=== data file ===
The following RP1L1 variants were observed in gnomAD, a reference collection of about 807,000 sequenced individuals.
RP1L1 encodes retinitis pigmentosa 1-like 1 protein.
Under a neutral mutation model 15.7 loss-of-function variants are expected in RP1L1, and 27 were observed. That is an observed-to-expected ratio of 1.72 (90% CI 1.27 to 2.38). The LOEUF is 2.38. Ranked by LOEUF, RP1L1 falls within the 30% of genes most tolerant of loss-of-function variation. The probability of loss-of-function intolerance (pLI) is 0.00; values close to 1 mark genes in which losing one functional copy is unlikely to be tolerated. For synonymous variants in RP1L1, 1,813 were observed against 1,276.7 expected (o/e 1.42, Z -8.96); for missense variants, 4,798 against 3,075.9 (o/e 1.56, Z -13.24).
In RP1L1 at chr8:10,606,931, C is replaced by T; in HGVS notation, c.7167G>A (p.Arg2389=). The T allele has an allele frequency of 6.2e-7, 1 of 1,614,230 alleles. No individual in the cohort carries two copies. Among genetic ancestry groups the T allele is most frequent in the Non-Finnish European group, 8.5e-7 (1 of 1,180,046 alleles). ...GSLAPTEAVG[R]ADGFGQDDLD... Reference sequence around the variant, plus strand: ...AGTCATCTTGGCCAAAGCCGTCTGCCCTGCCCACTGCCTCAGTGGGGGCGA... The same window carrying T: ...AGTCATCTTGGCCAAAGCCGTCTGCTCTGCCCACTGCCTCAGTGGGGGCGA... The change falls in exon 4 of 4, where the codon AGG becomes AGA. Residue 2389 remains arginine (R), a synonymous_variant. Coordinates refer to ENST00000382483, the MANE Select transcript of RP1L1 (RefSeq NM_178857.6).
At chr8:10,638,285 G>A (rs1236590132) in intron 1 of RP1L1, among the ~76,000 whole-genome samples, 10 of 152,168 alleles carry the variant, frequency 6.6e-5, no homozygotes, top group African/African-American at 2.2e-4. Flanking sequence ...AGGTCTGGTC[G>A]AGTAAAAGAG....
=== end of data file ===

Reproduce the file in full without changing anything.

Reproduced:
The following RP1L1 variants were observed in gnomAD, a reference collection of about 807,000 sequenced individuals.
RP1L1 encodes retinitis pigmentosa 1-like 1 protein.
Under a neutral mutation model 15.7 loss-of-function variants are expected in RP1L1, and 27 were observed. That is an observed-to-expected ratio of 1.72 (90% CI 1.27 to 2.38). The LOEUF is 2.38. Ranked by LOEUF, RP1L1 falls within the 30% of genes most tolerant of loss-of-function variation. The probability of loss-of-function intolerance (pLI) is 0.00; values close to 1 mark genes in which losing one functional copy is unlikely to be tolerated. For synonymous variants in RP1L1, 1,813 were observed against 1,276.7 expected (o/e 1.42, Z -8.96); for missense variants, 4,798 against 3,075.9 (o/e 1.56, Z -13.24).
In RP1L1 at chr8:10,606,931, C is replaced by T; in HGVS notation, c.7167G>A (p.Arg2389=). The T allele has an allele frequency of 6.2e-7, 1 of 1,614,230 alleles. No individual in the cohort carries two copies. Among genetic ancestry groups the T allele is most frequent in the Non-Finnish European group, 8.5e-7 (1 of 1,180,046 alleles). ...GSLAPTEAVG[R]ADGFGQDDLD... Reference sequence around the variant, plus strand: ...AGTCATCTTGGCCAAAGCCGTCTGCCCTGCCCACTGCCTCAGTGGGGGCGA... The same window carrying T: ...AGTCATCTTGGCCAAAGCCGTCTGCTCTGCCCACTGCCTCAGTGGGGGCGA... The change falls in exon 4 of 4, where the codon AGG becomes AGA. Residue 2389 remains arginine (R), a synonymous_variant. Coordinates refer to ENST00000382483, the MANE Select transcript of RP1L1 (RefSeq NM_178857.6).
At chr8:10,638,285 G>A (rs1236590132) in intron 1 of RP1L1, among the ~76,000 whole-genome samples, 10 of 152,168 alleles carry the variant, frequency 6.6e-5, no homozygotes, top group African/African-American at 2.2e-4. Flanking sequence ...AGGTCTGGTC[G>A]AGTAAAAGAG....